Farmers Are Asking, “How Much Nitrogen is Left?”5/22/2017
Early this week, a brief respite from heavy rains allowed for some corn and soybean planting (or replanting) to resume in many parts of Illinois. But, given the amount of recent precipitation, many farmers are concerned about nitrogen loss and wondering if they need to apply more. Emerson Nafziger, professor in the Department of Crop Sciences at the University of Illinois, provides some insight.
“The return of cooler weather along with the rainfall slowed nitrification – the conversion of ammonium to nitrate – slightly, and also slowed the denitrification process,” Nafziger explains. “Both nitrification and denitrification are biological processes, so they happen faster at higher temperatures. We know from finding nitrate in the soil that there has been a lot of nitrification. Denitrification requires both saturated soils and warm soils, and there has been less of it.”
Soils with standing water are slow to warm up, limiting the rate of denitrification. But it is happening in some areas where water is still standing. In those locations, it will be some time before a crop can be planted, and Nafziger says adjustments to fertilizer nitrogen may be in order as the crop gets established.
Ammonium moves little in the soil, but when it is converted to nitrate, it can move. “We know from our research that nitrogen applied last fall was about 70 percent nitrate by early May, and ammonia applied in March or April was more than half nitrate when the weather turned wet,” Nafziger says.
Somewhat surprisingly, Nafziger found little change in soil nitrogen levels from the unusually heavy rainfall, “We sampled six trial sites both before and after the heavy rainfall of late April and early May, and found virtually no change in soil nitrogen content. We expect that mineralization of soil organic matter added some nitrogen between samples, and that is no longer around, so some nitrogen moved out. The good news is that most of the nitrogen added as fertilizer is still in the soil. That may not be the case in every part of every field, but we don’t see any reason to imagine that most of the nitrogen we applied has been lost.”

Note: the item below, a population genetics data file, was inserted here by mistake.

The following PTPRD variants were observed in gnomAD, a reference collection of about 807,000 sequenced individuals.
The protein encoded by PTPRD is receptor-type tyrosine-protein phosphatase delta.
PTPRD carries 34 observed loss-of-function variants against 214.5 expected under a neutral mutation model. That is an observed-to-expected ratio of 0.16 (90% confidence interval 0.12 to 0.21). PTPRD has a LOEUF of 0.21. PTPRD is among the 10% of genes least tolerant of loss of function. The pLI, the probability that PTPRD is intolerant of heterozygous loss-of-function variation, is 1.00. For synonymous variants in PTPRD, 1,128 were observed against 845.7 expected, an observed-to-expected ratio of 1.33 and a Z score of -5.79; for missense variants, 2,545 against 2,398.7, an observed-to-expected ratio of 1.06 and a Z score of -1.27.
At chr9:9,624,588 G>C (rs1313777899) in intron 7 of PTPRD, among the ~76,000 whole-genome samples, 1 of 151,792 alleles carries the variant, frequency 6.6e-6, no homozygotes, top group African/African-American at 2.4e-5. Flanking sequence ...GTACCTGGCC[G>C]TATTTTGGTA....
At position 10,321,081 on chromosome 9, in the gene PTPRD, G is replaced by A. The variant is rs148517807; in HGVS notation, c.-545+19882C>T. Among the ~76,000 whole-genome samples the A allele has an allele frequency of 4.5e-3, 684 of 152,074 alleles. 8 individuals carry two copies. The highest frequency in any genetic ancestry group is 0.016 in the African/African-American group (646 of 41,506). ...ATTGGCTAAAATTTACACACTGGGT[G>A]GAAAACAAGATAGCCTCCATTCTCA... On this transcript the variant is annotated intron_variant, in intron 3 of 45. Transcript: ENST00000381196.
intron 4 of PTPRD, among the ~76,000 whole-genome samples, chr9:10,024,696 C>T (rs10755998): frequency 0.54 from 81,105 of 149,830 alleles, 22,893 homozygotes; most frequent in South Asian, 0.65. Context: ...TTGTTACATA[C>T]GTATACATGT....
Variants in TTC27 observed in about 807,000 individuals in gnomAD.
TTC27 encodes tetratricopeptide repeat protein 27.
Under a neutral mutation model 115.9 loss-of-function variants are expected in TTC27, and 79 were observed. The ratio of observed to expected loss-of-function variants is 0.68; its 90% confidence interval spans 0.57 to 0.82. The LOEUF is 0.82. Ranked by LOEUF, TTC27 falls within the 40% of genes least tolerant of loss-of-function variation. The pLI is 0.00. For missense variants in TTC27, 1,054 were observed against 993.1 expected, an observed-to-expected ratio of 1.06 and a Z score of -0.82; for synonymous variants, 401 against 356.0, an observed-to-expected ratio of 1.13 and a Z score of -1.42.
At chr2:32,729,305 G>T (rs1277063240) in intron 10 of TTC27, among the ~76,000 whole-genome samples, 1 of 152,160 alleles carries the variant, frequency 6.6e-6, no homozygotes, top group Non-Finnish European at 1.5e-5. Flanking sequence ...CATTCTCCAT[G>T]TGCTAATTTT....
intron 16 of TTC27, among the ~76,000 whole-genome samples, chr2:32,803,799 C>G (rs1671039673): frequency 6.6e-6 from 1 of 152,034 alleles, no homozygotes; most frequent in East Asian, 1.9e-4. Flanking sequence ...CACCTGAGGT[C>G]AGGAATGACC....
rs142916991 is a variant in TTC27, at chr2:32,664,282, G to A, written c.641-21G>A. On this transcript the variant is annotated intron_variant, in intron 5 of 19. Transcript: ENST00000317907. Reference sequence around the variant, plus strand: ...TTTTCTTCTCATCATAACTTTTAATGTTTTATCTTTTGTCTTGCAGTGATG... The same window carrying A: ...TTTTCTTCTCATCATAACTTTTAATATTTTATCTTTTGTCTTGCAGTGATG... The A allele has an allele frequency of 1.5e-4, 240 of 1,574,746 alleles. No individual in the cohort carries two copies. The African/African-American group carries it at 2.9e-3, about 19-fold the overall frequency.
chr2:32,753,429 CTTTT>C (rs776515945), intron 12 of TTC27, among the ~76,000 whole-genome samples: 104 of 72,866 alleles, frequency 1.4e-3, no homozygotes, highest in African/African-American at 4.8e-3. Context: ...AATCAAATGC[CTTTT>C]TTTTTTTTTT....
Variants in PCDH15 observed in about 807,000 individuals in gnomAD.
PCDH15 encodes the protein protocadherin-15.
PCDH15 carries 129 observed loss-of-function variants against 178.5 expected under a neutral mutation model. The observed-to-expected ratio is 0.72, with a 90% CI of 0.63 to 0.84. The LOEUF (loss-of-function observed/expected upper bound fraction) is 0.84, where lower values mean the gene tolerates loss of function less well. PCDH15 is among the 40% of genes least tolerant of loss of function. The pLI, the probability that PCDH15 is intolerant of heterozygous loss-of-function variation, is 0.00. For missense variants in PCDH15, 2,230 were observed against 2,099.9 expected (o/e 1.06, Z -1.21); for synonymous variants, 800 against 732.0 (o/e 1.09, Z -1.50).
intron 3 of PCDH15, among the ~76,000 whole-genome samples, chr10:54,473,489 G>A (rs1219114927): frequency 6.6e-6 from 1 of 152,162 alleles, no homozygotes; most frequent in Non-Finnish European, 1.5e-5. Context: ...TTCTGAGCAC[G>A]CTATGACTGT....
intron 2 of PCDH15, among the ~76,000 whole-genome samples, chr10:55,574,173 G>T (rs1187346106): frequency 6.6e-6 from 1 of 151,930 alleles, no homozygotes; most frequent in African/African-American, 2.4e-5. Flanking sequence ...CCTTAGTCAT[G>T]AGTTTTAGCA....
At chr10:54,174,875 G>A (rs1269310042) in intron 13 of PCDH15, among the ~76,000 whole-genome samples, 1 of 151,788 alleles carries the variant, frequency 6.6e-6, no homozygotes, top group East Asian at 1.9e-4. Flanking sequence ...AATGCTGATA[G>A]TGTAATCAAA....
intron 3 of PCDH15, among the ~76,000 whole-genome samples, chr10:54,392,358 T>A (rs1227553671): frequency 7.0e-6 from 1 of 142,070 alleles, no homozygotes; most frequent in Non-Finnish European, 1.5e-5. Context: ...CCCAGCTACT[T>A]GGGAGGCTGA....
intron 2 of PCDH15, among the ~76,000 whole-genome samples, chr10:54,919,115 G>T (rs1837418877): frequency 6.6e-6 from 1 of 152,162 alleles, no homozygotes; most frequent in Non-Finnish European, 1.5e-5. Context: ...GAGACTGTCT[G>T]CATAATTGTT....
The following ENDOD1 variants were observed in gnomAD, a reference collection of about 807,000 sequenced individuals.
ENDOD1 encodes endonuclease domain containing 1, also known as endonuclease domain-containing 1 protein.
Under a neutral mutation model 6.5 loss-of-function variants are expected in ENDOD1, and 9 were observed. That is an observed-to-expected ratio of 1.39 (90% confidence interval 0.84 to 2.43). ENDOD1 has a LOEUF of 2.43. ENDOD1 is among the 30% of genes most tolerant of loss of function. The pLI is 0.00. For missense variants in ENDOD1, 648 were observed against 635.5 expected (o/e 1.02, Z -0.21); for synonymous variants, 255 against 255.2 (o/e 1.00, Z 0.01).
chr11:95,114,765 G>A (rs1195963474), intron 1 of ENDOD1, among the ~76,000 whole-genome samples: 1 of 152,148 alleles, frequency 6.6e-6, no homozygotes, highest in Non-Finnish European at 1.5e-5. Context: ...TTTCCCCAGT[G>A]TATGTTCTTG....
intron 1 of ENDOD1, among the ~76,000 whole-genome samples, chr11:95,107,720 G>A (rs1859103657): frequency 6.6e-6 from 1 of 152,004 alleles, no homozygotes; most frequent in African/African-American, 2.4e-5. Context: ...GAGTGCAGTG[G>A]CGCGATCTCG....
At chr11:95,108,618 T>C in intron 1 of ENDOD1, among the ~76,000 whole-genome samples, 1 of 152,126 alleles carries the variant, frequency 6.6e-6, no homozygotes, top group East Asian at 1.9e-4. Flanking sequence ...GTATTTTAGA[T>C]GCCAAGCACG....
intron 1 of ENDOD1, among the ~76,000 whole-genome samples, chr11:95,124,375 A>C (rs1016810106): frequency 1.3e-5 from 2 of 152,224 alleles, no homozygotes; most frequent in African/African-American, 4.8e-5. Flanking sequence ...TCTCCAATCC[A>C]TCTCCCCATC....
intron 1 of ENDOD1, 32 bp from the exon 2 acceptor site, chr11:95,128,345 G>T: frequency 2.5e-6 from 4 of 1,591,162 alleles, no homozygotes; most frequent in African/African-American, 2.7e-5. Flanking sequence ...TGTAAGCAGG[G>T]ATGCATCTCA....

Soil drainage is an important factor in movement of water and nitrate. Soil texture is a critical component of drainage, but field tiles change the relationship between texture and water movement.
“As an example, a typical Drummer silty clay loam soil in eastern Illinois allows hardly any water to move through it unless the soil is tile-drained. Tile becomes the exit route for soil nitrogen into surface waters, replacing denitrification as the main way nitrogen is lost in such soils. So, tile drainage changes the assumption that heavy-textured soils will lose nitrogen to denitrification while lighter-textured soils lose more to leaching,” Nafziger explains.
While it’s possible that some nitrogen may be lost before crop uptake begins in a few weeks, Nafziger says that a decision to apply more nitrogen than planned is premature. As soils dry, rainfall returns to normal, and plants grow, roots will begin to draw water and dissolved nitrogen towards the surface, and mineralization will kick into high gear. “Last year,” Nafziger recalls, “under good temperatures and without unusually heavy rainfall, we saw mineralization provide as much as 150 pounds of nitrogen per acre to the crop.”
One indication that the topsoil has not been stripped clean of nitrogen is the recovery of green leaf color that has been happening as the soil dries out. “Most fields are not as dark green as we saw at this point in 2016, but as the root system starts to expand and as soils continue to warm, this will change,” Nafziger says. “The corn crop at this point looks the way it does not because of lack of nitrogen, but due to the effects of temperature and rainfall on crop growth and early development.”
While it is premature to revise nitrogen management based on what has happened so far, farmers shouldn’t rule out the possibility that the crop may need more nitrogen. The good news is that farmers still have time to make such decisions. As long as soil conditions continue to improve, a crop provided with normal amounts of fertilizer nitrogen rarely runs out during vegetative development. According to Nafziger, this year will be no exception.
Nafziger plans to continue soil sampling to learn more about the status of soil nitrogen over the next two months. But, he says, because similar weather patterns have not happened this early in the season in recent years, he cannot easily predict what will happen later in the season.
“Nitrogen deficiency develops over time, and is almost always more related to current soil moisture than to the amount of soil nitrogen. So, if soils do not get extra wet or extra dry over the next month, this season could turn out to be much more typical than we expect.”
For more information, see the Bulletin.
Source: Emerson Nafziger and Lauren Quinn, University of Illinois